Let’s say you show up at a gym and you look at your program for the day. For some reason it says you’re supposed to find a seated hamstring curl machine, or in a pinch a prone (laying face down) hamstring curl, because apparently the only way you can work your hamstrings is by sitting or laying down.
You look around and find there isn’t a hamstring curl machine in the place. I mean, what is this place, a Pilates studio or something!?!??
So what are you going to do? Your trainer told you to use a machine to isolate your hamstrings for that deep juicy burn, but you can’t find a way of getting the job done.
Say no more, fam. I got your hook up right here.
Today I’m going to show a bunch of different ways you can isolate your hamstrings without a machine, and in many cases get a much better workout. I’d be remiss to say you couldn’t also get the hamstrings to work with some good deadlifts, but apparently that’s not an isolation movement, so let’s try some different stuff.
Stability ball hamstring curl
This involves getting a bit of a glute bridge, and also some level of balance and control from your upper body so you don’t fall off the bench, but it can still give you some solid squeeze on those hammies. There’s also the one-legged version too.
Glute Ham Raise
There’s a couple of ways you could do this. The first is with a simple back extension machine, which most facilities will tend to have.
Another uses a dedicated glute ham raise machine, which for some reason Crossfitters insist on using backwards as some kind of ab training thingy.
TRX Hamstring Curl
This one needs a TRX as the name implies, but it can be something you could pack with you if needed, but even then most clubs have one or two kicking around somewhere.
To go one step higher, you can include a static row hold as in this example.
Nordic Hamstring Curl
There’s a bunch of ways you could do these one, and they all suck holy hell when they’re done properly.
This version involves a lat pulldown machine, or any device where you have a seat and also a knee pad above. You kneeling on the seat and hook the back of your feet under the knee pads, and then get to work roasting your hammies.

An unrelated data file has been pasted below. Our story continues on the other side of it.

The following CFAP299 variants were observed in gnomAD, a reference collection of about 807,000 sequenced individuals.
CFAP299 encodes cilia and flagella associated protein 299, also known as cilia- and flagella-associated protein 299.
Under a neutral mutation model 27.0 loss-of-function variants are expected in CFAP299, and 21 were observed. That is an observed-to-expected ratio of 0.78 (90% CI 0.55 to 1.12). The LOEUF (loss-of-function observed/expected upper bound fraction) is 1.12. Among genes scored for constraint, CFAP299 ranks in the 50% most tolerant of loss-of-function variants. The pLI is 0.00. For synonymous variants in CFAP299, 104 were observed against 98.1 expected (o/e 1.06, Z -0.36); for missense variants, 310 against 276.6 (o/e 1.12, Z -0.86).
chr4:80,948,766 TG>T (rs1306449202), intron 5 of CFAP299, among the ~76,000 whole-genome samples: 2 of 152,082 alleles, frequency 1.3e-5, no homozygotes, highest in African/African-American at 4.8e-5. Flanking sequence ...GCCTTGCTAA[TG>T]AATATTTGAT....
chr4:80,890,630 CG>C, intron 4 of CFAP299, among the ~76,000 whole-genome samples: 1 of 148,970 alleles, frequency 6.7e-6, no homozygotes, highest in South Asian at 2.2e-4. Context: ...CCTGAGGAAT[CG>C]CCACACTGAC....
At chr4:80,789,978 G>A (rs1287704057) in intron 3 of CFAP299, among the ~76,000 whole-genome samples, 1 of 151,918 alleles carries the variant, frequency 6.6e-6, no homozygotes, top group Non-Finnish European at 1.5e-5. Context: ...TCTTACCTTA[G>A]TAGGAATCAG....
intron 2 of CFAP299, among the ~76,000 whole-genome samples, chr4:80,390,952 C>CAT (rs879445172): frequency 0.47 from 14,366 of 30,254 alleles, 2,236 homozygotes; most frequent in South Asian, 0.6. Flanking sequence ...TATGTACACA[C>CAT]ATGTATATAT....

Having a small box to land on with your hands makes it a lot easier to keep in a relatively neutral position.
You can also do this off the floor as long as something holds your feet down on the floor.
Here’s a band assisted version of the same movement.
You could even do it with a partner if no other equipment is available.
Terminal Knee Flexion
And finally, for the simplest set up, yet for some reason mind-numbingly most difficult variation available, we have the terminal knee flexion. The biggest challenge for this is to contract the muscle to get it to shorten as much as possible, and also to get the most tension possible into that shortened position while avoiding the type of cramping that can rip a tear in the space time continuum of your entire life. You could do this off a box, or simply just raise your foot off the floor as high as possible.
So here’s a quick post outlining 11 different hamstring curl isolation movements you can do without a hamstring curl machine. If you absolutely need to train a knee flexion movement there’s a ton of ways to do it.
I outline some of these as well as about 190 other exercises in my High Tensile Strength product, with 6 months of semi custom workouts, gym based and also bodyweight based options, and ways to make you into the dedicated gym ninja who moves like a cheetah and lifts like Godzilla, while looking as dead sexy as possible. Pick up your copy today and get your hamstring curls on.